Supporters of matrix management argue that in this structure, team members are able to share information more readily across task boundaries, which counters the ‘silo’ limitation of functional management. ‘Silo’ refers to the isolated company department, where all reporting and sharing of information occurs only within that department.
In a matrix structure, reporting and information sharing goes beyond a department’s boundaries, which allows for specialization that can both increase depth of knowledge and assign people according to project needs.
The advantages of having a matrix organization are listed as follows:
- Resources are used more efficiently, where equipment and experts are shared across projects.
- Projects and products are formally coordinated across functional departments.
- Information flows in several different directions within the whole organization, rather than circulating in isolation inside each department (‘silo’ syndrome).
- The company’s employees are in touch with many people inside and outside their department. This helps with sharing information, which in turn speeds up many processes, including decision-making.
- Employees must work autonomously and organize themselves creatively, according to each boss they have to report to. This may boost motivation and decision-making.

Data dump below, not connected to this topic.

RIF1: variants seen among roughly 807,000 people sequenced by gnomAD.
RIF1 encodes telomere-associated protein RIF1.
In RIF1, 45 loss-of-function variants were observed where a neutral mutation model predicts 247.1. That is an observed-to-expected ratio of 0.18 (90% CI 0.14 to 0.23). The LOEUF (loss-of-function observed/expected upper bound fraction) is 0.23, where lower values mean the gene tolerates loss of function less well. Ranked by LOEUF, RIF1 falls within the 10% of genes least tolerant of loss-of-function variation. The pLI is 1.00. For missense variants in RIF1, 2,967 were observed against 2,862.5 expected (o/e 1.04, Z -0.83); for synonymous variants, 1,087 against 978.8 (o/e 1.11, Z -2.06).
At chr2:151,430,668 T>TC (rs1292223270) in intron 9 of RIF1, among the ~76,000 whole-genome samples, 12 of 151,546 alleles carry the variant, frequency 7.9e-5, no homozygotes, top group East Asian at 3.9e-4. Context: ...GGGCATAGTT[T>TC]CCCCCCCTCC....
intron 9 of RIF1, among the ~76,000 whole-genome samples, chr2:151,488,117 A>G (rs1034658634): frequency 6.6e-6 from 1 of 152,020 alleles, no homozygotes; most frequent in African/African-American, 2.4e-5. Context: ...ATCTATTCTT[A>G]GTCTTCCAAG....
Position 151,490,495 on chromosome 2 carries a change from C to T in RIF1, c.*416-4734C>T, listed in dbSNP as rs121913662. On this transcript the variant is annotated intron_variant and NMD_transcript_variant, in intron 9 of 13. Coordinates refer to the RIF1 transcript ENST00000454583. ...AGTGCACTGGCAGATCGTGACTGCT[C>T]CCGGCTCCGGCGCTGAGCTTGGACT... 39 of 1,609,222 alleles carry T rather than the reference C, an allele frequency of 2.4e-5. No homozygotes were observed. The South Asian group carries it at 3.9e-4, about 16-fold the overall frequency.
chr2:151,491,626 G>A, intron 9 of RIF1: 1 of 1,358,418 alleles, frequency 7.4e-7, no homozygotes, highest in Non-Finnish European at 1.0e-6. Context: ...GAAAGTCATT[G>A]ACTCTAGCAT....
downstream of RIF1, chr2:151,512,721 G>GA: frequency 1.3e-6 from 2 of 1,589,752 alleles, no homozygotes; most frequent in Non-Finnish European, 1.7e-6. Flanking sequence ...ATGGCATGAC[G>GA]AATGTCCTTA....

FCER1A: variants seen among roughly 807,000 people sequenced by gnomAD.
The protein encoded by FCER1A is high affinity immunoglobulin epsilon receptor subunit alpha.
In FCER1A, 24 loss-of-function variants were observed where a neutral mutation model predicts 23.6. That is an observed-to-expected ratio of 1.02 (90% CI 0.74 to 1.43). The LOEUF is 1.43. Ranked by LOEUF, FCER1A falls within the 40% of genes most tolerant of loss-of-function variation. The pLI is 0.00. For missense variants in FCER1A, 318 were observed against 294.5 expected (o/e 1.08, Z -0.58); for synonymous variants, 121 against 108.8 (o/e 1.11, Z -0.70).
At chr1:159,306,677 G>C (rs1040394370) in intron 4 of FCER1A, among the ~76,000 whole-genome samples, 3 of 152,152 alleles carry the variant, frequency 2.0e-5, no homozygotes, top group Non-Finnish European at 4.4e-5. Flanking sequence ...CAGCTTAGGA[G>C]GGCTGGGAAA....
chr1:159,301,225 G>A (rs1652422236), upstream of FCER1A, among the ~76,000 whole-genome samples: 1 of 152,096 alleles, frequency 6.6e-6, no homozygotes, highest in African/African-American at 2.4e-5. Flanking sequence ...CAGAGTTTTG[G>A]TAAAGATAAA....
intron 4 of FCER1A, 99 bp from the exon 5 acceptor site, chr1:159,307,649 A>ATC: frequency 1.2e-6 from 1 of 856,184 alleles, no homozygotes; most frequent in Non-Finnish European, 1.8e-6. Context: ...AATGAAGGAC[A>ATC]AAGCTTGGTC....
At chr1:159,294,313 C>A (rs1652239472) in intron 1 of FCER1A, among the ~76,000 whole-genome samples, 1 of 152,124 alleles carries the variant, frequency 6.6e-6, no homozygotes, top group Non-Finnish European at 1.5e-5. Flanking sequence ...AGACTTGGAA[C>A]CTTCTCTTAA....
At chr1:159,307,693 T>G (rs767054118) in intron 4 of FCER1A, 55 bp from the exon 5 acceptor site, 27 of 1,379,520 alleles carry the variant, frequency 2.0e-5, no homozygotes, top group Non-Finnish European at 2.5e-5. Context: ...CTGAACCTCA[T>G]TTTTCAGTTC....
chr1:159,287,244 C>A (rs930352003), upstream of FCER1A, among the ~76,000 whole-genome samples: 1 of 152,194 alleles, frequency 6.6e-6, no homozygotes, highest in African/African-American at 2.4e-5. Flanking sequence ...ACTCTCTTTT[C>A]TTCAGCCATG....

- Individuals have the opportunity to use particular skills within a variety of contexts.
- Several departments have less need to meet regularly. This saves money and can improve coordination.
- Projects are usually more cost-effective if human and material resources are shared across departments.
Disadvantages of a matrix organization
- Project team members may have divided loyalties because they have to report to two or more line mangers.
- This kind of scenario – reporting to two or more different bosses – can put team members under considerable pressure.
- Given the complex nature of matrix structures, the line of accountability for project teams may not be very clear.
- It can be hard to coordinate properly. Unless it is well set up and executed, there is a risk of chaos.
- Matrix team members usually need time to get used to functioning effectively in this kind of structure.
- As there is much more to do and remember, matrix team members may neglect their functional duties.
In most cases, the matrix structure does not replace a traditional functional structure – it sits alongside it.
When did the matrix organization emerge?
It is hard to trace the exact origins of the matrix management concept. Some say it started in the 1970s with Philips, as mentioned earlier. According to Britannica.com, the term first appeared in the 1960s in the aerospace industry.
Aerospace companies that wanted government contracts had to develop charts that showed the structure of the project management team that would be in charge of a contract. The chart explained how this team was related to the overall management structure of the company.
Instead of reconfiguring their management systems completely in order to meet the client’s (government’s) requirements, companies decided to create horizontal project units that existed alongside the functional structures – the vertical hierarchies that were already in place.
This approach killed two birds with one stone: 1. It fulfilled the goal of the client – a transparent set of resources led by a group manager. 2. The company did not have to change the fundamental functional structure of the whole organization.
This Global Integration video explains what a matrix organizational structure is, where they exist, and why they have become considerably more common in today’s global economy.